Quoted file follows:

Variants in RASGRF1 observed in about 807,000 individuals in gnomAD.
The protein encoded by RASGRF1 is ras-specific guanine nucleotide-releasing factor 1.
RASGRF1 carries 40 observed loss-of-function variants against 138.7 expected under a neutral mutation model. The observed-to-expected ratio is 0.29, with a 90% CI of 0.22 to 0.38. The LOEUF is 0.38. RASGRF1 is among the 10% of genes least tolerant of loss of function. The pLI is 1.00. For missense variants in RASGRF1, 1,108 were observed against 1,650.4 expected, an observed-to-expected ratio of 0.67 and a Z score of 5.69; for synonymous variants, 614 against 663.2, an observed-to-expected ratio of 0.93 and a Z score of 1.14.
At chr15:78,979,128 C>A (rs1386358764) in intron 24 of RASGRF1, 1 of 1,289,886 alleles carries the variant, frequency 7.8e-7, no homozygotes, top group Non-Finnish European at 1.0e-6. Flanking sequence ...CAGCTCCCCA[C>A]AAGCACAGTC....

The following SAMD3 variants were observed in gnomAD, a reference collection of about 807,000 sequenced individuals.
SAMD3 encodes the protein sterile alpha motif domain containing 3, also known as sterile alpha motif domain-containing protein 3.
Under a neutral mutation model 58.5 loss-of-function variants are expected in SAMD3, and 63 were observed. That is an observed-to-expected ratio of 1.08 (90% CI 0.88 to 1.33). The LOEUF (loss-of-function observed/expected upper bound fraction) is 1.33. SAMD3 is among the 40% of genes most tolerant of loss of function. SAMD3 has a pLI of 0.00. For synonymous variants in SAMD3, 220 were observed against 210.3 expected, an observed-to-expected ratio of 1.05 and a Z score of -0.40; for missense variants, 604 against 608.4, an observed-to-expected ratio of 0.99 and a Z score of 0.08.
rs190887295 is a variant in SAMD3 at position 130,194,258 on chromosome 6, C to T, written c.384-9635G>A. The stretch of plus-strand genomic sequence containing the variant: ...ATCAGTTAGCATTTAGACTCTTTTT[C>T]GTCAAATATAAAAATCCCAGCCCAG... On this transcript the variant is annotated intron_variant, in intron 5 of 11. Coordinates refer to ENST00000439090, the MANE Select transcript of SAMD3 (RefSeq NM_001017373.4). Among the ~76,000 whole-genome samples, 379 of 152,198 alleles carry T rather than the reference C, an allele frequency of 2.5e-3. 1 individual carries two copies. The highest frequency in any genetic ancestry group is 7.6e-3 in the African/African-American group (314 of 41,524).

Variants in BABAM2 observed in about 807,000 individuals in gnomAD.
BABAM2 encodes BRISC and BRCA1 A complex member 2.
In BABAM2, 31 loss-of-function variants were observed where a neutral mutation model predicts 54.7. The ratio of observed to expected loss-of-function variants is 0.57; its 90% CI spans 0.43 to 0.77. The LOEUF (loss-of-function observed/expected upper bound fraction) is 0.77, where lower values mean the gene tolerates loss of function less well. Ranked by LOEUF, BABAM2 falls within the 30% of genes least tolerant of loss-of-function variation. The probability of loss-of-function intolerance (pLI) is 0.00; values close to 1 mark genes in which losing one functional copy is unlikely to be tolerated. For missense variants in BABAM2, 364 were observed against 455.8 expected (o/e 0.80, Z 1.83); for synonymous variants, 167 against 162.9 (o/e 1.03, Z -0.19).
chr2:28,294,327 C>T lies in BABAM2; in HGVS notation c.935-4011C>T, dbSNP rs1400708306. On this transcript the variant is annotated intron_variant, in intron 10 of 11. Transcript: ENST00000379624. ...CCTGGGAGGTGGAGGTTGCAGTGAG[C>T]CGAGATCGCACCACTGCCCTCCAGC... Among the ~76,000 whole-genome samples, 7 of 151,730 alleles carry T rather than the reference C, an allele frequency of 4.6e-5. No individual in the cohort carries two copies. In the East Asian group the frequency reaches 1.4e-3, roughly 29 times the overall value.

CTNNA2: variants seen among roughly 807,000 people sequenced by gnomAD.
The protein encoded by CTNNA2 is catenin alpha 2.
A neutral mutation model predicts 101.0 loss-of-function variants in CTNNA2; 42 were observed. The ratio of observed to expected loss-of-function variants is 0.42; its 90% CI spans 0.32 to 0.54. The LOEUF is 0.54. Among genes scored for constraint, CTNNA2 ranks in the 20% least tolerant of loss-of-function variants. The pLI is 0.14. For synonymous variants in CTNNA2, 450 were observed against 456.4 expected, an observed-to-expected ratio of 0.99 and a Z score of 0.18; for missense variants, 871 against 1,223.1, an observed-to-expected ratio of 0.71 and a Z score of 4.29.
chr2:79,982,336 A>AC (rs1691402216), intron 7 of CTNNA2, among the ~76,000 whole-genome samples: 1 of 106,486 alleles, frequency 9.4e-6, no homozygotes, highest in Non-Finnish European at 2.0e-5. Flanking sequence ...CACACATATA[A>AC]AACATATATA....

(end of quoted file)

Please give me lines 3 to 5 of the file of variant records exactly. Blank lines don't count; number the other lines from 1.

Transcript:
RASGRF1 carries 40 observed loss-of-function variants against 138.7 expected under a neutral mutation model. The observed-to-expected ratio is 0.29, with a 90% CI of 0.22 to 0.38. The LOEUF is 0.38. RASGRF1 is among the 10% of genes least tolerant of loss of function. The pLI is 1.00. For missense variants in RASGRF1, 1,108 were observed against 1,650.4 expected, an observed-to-expected ratio of 0.67 and a Z score of 5.69; for synonymous variants, 614 against 663.2, an observed-to-expected ratio of 0.93 and a Z score of 1.14.
At chr15:78,979,128 C>A (rs1386358764) in intron 24 of RASGRF1, 1 of 1,289,886 alleles carries the variant, frequency 7.8e-7, no homozygotes, top group Non-Finnish European at 1.0e-6. Flanking sequence ...CAGCTCCCCA[C>A]AAGCACAGTC....

The following SAMD3 variants were observed in gnomAD, a reference collection of about 807,000 sequenced individuals.